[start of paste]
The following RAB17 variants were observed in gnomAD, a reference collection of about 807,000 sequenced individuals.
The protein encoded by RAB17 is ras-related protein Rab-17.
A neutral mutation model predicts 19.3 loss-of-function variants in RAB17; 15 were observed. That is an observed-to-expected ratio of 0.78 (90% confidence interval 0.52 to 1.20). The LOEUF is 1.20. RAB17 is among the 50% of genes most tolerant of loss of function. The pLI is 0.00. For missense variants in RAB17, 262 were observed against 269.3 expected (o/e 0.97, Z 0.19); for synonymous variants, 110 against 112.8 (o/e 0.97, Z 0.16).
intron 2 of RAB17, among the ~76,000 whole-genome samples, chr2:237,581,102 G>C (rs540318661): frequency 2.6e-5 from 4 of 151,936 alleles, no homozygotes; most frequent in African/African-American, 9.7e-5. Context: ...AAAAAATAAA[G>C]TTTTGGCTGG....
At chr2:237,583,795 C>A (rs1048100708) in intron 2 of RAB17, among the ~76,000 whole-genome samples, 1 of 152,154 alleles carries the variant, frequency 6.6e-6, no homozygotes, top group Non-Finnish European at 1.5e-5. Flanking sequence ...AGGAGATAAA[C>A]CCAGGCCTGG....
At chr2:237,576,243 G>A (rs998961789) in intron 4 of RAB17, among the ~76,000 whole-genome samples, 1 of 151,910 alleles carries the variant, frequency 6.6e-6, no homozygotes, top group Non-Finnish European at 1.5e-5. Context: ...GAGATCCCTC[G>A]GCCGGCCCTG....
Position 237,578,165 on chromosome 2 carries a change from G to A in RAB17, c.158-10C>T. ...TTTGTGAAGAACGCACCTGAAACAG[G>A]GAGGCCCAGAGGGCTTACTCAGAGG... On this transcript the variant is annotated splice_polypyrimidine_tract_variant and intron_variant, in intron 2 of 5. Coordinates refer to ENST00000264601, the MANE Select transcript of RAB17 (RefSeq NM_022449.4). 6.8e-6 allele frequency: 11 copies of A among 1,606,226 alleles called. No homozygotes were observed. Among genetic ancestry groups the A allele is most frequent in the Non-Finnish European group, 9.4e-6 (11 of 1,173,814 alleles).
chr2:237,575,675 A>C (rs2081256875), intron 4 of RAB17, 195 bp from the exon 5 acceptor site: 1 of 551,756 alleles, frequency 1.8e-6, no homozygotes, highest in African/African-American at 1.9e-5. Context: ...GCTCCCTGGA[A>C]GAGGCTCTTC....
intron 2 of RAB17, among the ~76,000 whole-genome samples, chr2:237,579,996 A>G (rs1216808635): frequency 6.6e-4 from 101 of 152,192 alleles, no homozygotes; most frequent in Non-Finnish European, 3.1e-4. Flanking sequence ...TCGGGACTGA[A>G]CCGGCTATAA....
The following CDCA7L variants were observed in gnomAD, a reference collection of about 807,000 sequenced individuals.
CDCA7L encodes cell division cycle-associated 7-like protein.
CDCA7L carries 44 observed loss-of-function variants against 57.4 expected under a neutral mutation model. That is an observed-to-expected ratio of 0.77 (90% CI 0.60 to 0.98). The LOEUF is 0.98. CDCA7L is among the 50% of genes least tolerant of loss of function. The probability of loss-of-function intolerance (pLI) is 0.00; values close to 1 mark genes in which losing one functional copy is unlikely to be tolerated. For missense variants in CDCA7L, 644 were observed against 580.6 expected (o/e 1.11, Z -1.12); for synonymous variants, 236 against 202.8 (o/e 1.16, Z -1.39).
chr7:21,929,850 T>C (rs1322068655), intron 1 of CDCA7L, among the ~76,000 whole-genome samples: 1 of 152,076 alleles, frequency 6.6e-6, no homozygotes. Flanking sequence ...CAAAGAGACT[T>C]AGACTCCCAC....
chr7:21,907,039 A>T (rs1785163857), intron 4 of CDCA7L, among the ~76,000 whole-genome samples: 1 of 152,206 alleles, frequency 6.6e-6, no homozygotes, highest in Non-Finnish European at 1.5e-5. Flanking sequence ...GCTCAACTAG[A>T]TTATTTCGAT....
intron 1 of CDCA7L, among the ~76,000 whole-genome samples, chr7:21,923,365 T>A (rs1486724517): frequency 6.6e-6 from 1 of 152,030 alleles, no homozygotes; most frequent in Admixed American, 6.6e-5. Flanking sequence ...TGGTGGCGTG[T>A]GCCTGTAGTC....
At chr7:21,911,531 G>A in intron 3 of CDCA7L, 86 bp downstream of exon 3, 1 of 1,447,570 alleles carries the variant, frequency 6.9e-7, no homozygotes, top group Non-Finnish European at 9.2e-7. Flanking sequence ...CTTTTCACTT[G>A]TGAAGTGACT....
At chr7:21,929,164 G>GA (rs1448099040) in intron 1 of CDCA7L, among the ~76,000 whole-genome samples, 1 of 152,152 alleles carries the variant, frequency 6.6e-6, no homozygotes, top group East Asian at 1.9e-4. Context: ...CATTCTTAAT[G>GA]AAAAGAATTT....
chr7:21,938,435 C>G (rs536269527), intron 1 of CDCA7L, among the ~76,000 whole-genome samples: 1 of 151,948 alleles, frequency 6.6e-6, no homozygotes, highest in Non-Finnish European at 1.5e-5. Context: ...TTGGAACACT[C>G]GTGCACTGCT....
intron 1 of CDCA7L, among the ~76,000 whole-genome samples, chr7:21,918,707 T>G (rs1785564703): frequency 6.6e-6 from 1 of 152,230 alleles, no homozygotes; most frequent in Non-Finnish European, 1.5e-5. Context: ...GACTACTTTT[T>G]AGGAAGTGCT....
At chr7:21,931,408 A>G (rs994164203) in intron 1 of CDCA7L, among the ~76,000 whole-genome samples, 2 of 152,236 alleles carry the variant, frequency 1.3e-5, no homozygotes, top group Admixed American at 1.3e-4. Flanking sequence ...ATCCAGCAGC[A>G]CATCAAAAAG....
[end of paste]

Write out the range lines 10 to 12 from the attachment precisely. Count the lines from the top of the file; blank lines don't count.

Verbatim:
The following CDCA7L variants were observed in gnomAD, a reference collection of about 807,000 sequenced individuals.
CDCA7L encodes cell division cycle-associated 7-like protein.
CDCA7L carries 44 observed loss-of-function variants against 57.4 expected under a neutral mutation model. That is an observed-to-expected ratio of 0.77 (90% CI 0.60 to 0.98). The LOEUF is 0.98. CDCA7L is among the 50% of genes least tolerant of loss of function. The probability of loss-of-function intolerance (pLI) is 0.00; values close to 1 mark genes in which losing one functional copy is unlikely to be tolerated. For missense variants in CDCA7L, 644 were observed against 580.6 expected (o/e 1.11, Z -1.12); for synonymous variants, 236 against 202.8 (o/e 1.16, Z -1.39).